“Are you considering moving to Panama as part of your retirement?”
The question made me pause. If I’d let my natural facial reflexes go, my eyes would probably squint, my head tilt, and my mouth drop open. I would have that face of an annoyed teenager reacting to a question asked by a well-meaning parent as she says “whaaat?”
But I wasn’t annoyed. My colleague had simply put two facts together—that my husband and I were taking a trip to Panama, and that I left my demanding investment management position last summer—and was testing a reasonable hypothesis that the two might be linked.
We went to Panama as part of our love of adventure travel in countries on the brink of big economic change. We immersed ourselves in the historical significance of the famed canal, hiked beaches that will be lined with condo developments within three years, and zip-lined in the highlands around Boquete.
In our trip planning, we discovered that Panama does indeed top the lists of retirement destinations. With only three million people, generous tax incentives, quality health care, and infrastructure that connects a booming metropolis with beaches and mountains, it’s understandable that Panama would be a top retirement destination.
Assuming you are retiring. “Retiring” is defined as “the act of ending your working or professional career.”
I am not retired.
Frankly, I think it’s a word that needs to be redefined. Or retired.
Traditionally, “retirement” applies to when you reach a certain age, and government and corporate plans kick in to offset your paycheck with monthly benefit payments. Financial services firms have countless products and services set up around this life stage.
With Social Security and a pension, my grandparents retired. My mother would love to, but sans pension it would be a struggle.
As a Gen X-er, I have never considered that government or corporate benefits would be part of my personal finance equation.
But retirement is more than numbers. It’s about how you define “work” and your “professional career.” And there can be more than one.
Those that know me well are less likely to ask if I am retired. The more common question is “so have you figured out what you’ll do next?”
It is often followed up with suggested options—Do you think you’ll work for a non-profit? Do you want to work for an impact investing firm?
My answer is yes—I have identified what I want to do next. And it’s what I am doing now.
Let me explain. I can’t help but do this in investment terms.
What I have and would like for the foreseeable future is to manage my own diversified portfolio of “work.”
Focus is important for me, so I’ve chosen three areas of interest for my work– leadership development, girls’ education and empowerment, and global investing. Areas where these three intersect are particularly fascinating.
I am a natural connector and networker, a global traveler, and my expertise is strategy, sales, and marketing. When I can bring these skills to my areas of interest, it feels incredible. I see it as paying forward the gifts I’ve been given in my career.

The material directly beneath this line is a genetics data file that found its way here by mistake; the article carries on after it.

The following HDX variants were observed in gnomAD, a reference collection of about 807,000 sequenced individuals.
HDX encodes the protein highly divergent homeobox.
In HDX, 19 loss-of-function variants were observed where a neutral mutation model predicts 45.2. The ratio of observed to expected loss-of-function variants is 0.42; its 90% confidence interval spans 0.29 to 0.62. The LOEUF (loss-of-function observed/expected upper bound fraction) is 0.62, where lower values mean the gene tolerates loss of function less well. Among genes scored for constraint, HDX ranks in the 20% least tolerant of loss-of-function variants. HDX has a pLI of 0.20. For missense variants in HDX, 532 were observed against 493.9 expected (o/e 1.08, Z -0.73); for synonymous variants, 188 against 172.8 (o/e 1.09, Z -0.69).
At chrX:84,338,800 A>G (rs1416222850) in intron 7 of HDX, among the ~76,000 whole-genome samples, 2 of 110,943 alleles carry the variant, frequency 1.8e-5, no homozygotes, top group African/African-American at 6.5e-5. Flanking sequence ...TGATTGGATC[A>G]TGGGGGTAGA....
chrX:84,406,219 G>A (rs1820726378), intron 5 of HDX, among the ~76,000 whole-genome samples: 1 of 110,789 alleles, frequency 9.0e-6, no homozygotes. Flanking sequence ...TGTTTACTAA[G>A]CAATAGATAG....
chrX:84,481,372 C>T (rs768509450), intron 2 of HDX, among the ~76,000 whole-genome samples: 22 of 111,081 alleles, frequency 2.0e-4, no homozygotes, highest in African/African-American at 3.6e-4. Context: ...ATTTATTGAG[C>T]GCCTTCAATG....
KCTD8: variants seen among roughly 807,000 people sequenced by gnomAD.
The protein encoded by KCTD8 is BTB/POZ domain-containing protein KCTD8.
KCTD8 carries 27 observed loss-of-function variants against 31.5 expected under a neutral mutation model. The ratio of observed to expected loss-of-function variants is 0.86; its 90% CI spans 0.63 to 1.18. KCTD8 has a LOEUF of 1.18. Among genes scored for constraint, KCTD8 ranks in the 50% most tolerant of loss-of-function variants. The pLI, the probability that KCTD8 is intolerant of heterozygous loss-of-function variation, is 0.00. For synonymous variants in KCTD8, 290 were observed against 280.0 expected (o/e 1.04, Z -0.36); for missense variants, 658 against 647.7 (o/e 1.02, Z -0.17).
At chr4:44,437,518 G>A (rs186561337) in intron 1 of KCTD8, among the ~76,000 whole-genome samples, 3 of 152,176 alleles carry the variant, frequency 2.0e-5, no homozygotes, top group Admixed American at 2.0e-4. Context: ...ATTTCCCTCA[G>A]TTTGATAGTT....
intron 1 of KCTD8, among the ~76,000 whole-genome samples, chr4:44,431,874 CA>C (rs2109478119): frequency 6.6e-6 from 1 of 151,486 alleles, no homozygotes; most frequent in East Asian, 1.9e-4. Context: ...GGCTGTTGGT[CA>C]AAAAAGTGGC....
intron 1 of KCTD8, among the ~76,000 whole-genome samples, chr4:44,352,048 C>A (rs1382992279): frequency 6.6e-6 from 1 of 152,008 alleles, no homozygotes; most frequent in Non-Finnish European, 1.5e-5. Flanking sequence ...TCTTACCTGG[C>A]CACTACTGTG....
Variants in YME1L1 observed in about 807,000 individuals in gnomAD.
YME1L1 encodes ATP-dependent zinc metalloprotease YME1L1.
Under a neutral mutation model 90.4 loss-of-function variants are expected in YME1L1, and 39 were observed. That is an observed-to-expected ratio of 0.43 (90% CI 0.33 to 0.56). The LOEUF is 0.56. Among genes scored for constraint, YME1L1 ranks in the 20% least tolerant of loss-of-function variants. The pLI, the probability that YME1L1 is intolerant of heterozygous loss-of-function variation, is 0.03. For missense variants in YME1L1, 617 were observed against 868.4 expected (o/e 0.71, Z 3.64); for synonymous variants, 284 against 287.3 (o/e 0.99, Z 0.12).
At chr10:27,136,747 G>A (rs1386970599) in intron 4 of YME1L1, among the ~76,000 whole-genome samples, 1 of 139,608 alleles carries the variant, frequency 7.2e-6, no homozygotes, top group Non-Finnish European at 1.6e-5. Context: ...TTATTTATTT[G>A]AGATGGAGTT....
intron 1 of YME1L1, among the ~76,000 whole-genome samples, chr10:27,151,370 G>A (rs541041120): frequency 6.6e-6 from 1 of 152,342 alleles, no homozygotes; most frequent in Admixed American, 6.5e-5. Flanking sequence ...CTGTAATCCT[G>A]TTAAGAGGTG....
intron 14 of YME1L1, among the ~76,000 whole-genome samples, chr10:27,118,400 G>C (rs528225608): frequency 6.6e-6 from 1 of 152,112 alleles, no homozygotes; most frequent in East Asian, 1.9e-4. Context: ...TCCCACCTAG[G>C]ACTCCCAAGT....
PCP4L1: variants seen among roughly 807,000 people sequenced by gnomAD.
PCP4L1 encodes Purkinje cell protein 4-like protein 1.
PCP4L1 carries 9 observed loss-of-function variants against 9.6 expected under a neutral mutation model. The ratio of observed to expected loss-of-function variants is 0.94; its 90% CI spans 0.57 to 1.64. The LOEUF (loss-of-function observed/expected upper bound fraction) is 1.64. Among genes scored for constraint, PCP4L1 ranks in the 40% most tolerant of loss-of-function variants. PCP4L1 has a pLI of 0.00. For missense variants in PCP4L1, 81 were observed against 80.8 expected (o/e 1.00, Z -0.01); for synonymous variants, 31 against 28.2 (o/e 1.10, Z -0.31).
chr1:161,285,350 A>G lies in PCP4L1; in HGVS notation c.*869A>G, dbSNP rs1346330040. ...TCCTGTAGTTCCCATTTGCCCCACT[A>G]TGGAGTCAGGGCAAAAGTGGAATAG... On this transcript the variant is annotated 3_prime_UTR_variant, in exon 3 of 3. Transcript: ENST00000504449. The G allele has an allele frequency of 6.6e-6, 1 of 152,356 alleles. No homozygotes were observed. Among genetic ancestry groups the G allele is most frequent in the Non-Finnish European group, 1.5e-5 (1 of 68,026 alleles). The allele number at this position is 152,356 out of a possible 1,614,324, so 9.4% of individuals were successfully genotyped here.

Some of my work is paid; when payment is not possible but I am drawn to the work, it may be unpaid. I might coach an individual, or take on a consulting or advisory assignment with a for-profit or non-profit organization. My work also includes investing in private companies and funds, and I share my expertise if it can improve the business or performance.
I want to learn about sustainable and impact investing. I want to be a better writer, speaker and leader. I want to support those I care about in their own career and life transitions. I want to travel. And I want to achieve some important personal goals.
The composition of my portfolio of work will change over time–activities that may be over-weighted today will be under-weighted tomorrow. And sometimes I do a little rebalancing.
While this approach is not mainstream, it is certainly growing. I purposefully surround myself with people who’ve had multiple careers and think about their life as a diversified portfolio. Over a glass of wine, former Cisco strategist Ayalet Baron shared with me her thesis on “lifeworking” being the future of work.
Have I discovered the next big thing?
I found others beyond my circle are not only on to this trend, but have written about it. In fact, back in 1989 in his book The Age of Unreason, Irish author Charles Handy predicted that businesses would soon be smaller and the workforce would be comprised of “portfolio people.”
Handy describes a “portfolio person” as one with a multifaceted career comprised of different types of work that include fee work, salary work, and gift work.
So while I am not the Magellan of this concept, I am an early pioneer. I still haven’t nailed how to succinctly answer the question “so what do you do?” And I haven’t settled on what to put in the form box “Occupation.”
Maybe next time I will answer “Portfolio Manager.”
Photo courtesy of www.neilbarris.com